THE SMILING GHOST. Warner Brothers, 1941. Wayne Morris, Brenda Marshall, Alexis Smith, Willie Best, Alan Hale, David Bruce. Written by Kenneth Gamet and Stuart Palmer. Directed by Lewis Seiler.

   A recent review here of Secret of the Blue Room (1933) got me wondering: Universal used this story again in 1938 (The Missing Guest) and 1944 (Murder in the Blue Room). So how did it turn up at Warners in 1941?

   In all fairness, Ghost takes a wholly different comic approach to the story and introduces characters not found in any blue room — some of them rather well-realized — but when we get to the series of murdered fiancés and the eventual solution, we are on very familiar ground indeed.

   Wayne Morris starts the film as an impecunious engineer looking for any sort of job, who hires on to be engaged to Alexis Smith for a month, unaware that each of her previous fiancés has met a horrible fate. By the time he’s wised up by reporter Brenda Marshall he has narrowly escaped murder at the hands of the eponymous ghoul .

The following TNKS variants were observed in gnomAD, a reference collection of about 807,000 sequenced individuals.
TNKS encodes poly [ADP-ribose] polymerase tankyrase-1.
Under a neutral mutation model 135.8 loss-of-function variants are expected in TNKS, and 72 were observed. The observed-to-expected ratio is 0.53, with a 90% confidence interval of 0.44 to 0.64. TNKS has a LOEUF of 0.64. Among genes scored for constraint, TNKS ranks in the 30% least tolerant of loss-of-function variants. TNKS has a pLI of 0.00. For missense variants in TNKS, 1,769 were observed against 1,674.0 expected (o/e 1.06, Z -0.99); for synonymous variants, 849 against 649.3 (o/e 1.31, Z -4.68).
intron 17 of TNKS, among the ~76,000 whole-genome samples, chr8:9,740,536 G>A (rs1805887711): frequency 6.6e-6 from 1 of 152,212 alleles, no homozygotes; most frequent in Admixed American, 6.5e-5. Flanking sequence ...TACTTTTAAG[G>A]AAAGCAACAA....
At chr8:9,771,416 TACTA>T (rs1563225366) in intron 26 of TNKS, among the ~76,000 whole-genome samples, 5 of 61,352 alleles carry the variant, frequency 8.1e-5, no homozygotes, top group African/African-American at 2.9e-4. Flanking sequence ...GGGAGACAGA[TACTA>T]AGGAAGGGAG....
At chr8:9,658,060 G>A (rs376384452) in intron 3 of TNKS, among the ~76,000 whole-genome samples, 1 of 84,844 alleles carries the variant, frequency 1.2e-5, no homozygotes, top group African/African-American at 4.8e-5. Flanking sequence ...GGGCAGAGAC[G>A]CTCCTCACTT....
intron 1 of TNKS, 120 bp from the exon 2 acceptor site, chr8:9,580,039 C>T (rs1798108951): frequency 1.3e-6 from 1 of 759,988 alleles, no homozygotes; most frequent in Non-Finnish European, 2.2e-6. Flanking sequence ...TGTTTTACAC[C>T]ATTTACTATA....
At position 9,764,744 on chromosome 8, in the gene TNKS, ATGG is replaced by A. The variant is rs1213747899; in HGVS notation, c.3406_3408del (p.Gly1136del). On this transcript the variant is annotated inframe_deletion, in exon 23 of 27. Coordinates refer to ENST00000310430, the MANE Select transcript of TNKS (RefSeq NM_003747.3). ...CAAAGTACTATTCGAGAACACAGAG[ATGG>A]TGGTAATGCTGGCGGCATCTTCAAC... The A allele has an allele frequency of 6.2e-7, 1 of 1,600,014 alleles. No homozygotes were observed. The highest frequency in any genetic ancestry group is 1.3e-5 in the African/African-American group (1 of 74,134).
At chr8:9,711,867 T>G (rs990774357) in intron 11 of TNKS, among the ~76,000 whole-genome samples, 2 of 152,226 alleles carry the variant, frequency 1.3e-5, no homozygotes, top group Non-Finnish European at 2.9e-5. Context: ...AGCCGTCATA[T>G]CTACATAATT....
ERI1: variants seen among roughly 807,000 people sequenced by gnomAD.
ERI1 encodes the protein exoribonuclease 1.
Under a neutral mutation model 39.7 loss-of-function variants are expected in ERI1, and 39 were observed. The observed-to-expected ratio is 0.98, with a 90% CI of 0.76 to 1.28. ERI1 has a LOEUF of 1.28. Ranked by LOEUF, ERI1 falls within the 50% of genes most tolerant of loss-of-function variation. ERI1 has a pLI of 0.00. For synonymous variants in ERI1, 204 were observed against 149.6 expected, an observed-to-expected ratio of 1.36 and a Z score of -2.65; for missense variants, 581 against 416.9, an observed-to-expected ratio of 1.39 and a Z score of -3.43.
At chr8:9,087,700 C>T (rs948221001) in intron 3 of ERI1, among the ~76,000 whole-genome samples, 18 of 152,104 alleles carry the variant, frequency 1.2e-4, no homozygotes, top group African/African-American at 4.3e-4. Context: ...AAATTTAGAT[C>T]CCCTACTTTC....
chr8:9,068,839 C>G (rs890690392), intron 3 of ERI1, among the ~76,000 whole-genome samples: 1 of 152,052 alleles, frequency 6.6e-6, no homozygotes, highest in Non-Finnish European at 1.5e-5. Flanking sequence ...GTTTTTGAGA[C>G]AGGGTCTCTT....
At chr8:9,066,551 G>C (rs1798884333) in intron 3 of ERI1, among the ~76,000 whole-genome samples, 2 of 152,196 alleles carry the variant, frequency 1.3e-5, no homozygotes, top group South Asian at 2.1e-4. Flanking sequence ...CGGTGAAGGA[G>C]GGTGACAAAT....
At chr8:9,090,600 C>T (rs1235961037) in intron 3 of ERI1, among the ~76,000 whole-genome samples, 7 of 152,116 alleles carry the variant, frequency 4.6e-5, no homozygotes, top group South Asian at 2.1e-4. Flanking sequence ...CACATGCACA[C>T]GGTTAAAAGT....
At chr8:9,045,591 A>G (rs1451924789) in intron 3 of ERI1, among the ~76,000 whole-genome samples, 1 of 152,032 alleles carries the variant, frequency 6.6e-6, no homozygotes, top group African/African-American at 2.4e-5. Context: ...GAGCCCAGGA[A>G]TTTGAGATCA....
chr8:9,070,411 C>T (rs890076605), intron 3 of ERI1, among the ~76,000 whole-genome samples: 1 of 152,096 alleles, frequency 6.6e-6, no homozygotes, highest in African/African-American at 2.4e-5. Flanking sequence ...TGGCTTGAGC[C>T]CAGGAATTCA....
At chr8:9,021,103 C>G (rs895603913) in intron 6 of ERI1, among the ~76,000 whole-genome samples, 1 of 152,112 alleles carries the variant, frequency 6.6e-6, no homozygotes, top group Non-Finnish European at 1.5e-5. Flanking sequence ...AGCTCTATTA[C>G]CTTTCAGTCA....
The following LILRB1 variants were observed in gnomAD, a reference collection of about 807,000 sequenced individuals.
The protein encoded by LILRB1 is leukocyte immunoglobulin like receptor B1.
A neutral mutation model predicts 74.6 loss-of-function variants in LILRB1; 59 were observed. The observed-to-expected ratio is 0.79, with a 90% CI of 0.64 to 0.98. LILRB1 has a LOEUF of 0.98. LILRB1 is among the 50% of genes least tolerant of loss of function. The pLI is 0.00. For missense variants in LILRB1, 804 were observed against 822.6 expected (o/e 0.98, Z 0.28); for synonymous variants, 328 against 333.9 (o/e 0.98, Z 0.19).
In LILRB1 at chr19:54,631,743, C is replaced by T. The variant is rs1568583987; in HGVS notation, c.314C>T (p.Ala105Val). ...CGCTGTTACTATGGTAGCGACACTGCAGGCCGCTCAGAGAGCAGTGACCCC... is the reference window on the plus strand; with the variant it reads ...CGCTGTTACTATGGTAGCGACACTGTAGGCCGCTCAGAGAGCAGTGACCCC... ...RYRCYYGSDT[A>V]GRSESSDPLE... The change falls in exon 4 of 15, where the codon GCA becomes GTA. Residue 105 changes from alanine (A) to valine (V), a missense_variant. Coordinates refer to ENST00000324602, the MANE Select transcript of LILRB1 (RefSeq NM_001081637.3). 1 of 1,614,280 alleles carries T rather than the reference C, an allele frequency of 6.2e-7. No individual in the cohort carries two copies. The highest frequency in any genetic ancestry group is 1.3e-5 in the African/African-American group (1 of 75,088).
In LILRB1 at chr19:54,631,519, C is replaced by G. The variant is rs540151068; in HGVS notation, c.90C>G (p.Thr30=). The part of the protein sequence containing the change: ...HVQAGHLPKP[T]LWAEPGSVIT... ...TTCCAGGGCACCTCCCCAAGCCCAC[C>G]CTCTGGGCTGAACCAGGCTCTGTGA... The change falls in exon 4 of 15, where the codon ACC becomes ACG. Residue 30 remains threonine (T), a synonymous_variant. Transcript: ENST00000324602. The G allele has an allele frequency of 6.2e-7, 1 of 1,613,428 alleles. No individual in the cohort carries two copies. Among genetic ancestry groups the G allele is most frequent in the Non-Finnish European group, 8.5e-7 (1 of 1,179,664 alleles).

Okay, never mind the improbability of this guy getting a scientific degree and having two intelligent women fall in love with him. They do it for the sake of the plot, so let’s just get on with the skulking shadows, eyes peering through secret passages, brushes with death and all the rest of it.

   The proceedings are enlivened considerably by subsidiary characters like Charles Halton as an eccentric uncle who collects shrunken heads, and especially by Alan Hale as a detective posing none-too-convincingly as a butler. Lewis Seiler directs without distinction but he keeps things moving, and the rest of the cast are the usual Warners reliables, with everyone pitching in to keep things going efficiently and forgettably.

   But I still can’t figure out how writers Gamet and Palmer passed this off as their own…..


Editorial Comment:   Walter Albert has also reviewed this film for this blog, nearly six years ago. Check it out here.